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Speech by Soviet Premier Nikita S. Khrushchev at a Soviet-Polish Meeting in Moscow (November 10, 1958)

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Financially, too, Western Germany is today stronger than either Britain or France. Consider their gold and currency reserves, for instance. According to official figures, Western Germany’s reserves amounted to over 5,600 million dollars at the end of 1957, as compared with Britain’s 2,370 million and France’s 775 million dollars. All these economic resources of Western Germany are being placed at the service of reviving German militarism.

Whichever basic provisions of the Potsdam Agreement concerning the demilitarization of Germany and prevention of the resurgence of fascism we may consider, we shall arrive at the conclusion that these provisions, bearing the signatures of the United States, Britain and France, have been violated by them.

What then is left of the Potsdam Agreement?

One thing in effect: The so-called four-power status of Berlin, that is, a position in which the three western powers – the United States, Britain and France – have the possibility of lording it in Western Berlin, turning that part of the city, which is the capital of the German Democratic Republic, into some kind of state within a state and, profiting by this, conducting subversive activities from Western Berlin against the German Democratic Republic, against the Soviet Union and the other Warsaw Treaty countries. On top of all this, they have the right of unrestricted communication between Berlin and Western Germany through the air space, by the railways, highways and waterways of the German Democratic Republic, a state which they do not even want to recognise.

The question arises: Who stands to benefit from this situation and why have the United States, France and Britain not violated this part of the quadripartite agreement as well? The answer is clear: They have no intention of violating this part of the Potsdam Agreement. On the contrary, they cling to it, for the agreement on Berlin is advantageous to the western powers and to them alone. The western powers, naturally, are not averse to perpetuating such privileges of "allies" forever, even though they have long demolished the legal basis for their presence in Berlin.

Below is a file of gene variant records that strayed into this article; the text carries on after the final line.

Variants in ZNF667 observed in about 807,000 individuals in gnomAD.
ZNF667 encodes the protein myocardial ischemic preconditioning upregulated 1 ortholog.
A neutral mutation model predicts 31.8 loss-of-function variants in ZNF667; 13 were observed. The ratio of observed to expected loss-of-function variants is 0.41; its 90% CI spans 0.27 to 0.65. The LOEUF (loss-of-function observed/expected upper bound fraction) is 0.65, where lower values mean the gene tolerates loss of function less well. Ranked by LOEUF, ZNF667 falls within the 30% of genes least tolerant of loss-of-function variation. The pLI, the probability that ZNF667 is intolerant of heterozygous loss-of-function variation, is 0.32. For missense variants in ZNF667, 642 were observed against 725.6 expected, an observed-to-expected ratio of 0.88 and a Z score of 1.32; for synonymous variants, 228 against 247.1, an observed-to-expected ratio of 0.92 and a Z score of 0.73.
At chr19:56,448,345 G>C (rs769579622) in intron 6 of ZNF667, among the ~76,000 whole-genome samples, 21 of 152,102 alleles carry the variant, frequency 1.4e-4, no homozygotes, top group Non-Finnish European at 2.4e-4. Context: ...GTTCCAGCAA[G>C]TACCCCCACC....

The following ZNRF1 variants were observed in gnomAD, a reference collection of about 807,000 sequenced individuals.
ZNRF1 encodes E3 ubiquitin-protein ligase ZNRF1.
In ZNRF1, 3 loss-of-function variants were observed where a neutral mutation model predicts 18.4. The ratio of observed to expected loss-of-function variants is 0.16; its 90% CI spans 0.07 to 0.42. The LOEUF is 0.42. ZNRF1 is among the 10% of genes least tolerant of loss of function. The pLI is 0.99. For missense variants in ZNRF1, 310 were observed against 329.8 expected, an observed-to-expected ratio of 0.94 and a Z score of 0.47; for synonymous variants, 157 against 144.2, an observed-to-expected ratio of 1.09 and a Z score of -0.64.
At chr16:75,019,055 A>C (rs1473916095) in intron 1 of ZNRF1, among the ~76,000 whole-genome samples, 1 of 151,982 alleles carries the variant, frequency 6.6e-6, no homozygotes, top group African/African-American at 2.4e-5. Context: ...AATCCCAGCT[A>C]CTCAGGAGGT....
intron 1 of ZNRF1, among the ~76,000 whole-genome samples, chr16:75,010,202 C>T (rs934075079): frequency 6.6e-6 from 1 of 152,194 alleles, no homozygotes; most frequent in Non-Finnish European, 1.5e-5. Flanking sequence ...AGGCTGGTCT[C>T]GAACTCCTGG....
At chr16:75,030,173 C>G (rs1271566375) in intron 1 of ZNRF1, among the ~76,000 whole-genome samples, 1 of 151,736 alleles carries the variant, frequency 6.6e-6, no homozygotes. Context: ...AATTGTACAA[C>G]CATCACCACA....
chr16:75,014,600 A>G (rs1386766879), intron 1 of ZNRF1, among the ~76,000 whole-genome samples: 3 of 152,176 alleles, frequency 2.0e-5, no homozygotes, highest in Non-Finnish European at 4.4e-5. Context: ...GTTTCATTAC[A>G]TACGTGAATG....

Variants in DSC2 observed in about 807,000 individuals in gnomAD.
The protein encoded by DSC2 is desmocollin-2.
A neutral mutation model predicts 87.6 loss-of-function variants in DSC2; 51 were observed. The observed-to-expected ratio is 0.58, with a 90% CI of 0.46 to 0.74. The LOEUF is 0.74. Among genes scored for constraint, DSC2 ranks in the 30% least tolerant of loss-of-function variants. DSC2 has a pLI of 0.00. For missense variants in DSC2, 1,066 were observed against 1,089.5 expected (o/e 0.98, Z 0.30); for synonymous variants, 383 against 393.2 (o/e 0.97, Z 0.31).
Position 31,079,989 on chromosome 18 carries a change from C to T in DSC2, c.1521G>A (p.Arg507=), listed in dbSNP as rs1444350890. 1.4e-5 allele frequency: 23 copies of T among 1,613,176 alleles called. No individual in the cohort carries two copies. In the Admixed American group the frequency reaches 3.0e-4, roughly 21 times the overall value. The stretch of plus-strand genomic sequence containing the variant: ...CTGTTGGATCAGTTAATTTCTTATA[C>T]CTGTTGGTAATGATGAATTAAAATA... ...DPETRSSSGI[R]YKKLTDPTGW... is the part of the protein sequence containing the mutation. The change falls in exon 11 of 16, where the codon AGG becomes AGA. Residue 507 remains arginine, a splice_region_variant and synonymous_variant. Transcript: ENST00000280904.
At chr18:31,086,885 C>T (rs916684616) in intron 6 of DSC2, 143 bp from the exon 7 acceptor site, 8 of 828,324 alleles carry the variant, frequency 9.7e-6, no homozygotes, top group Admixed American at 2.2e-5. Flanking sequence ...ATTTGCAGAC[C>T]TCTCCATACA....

Is it not time for us to draw appropriate conclusions from the fact that the key items of the Potsdam Agreement concerning the maintenance of peace in Europe and, consequently, throughout the world, have been violated, and that certain forces continue to nurture German militarism, prompting it in the direction in which it was pushed before the Second World War, that is, against the East? Is it not time for us to reconsider our attitude to this part of the Potsdam Agreement and to denounce it?

The time has obviously arrived for the signatories of the Potsdam Agreement to renounce the remnants of the occupation regime in Berlin and thereby make it possible to create a normal situation in the capital of the German Democratic Republic. The Soviet Union, for its part, would hand over to the sovereign German Democratic Republic the functions in Berlin that are still exercised by Soviet agencies. This, I think, would be the correct thing to do.

Let the United States, France and Britain themselves build their relations with the German Democratic Republic, let them reach agreement with it themselves if they are interested in any questions concerning Berlin. As for the Soviet Union, we shall sacredly honour our obligations as an ally of the German Democratic Republic – obligations which stem from the Warsaw Treaty and which we have repeatedly reaffirmed to the German Democratic Republic.

If any forces of aggression attack the German Democratic Republic, which is a full-fledged member of the Warsaw Treaty we shall regard this as an attack on the Soviet Union, on all the Warsaw Treaty countries. We shall then rise in defence of the German Democratic Republic, and this will mean defence of the vital security interests of the Soviet Union, of the entire socialist camp, and of the cause of world peace.

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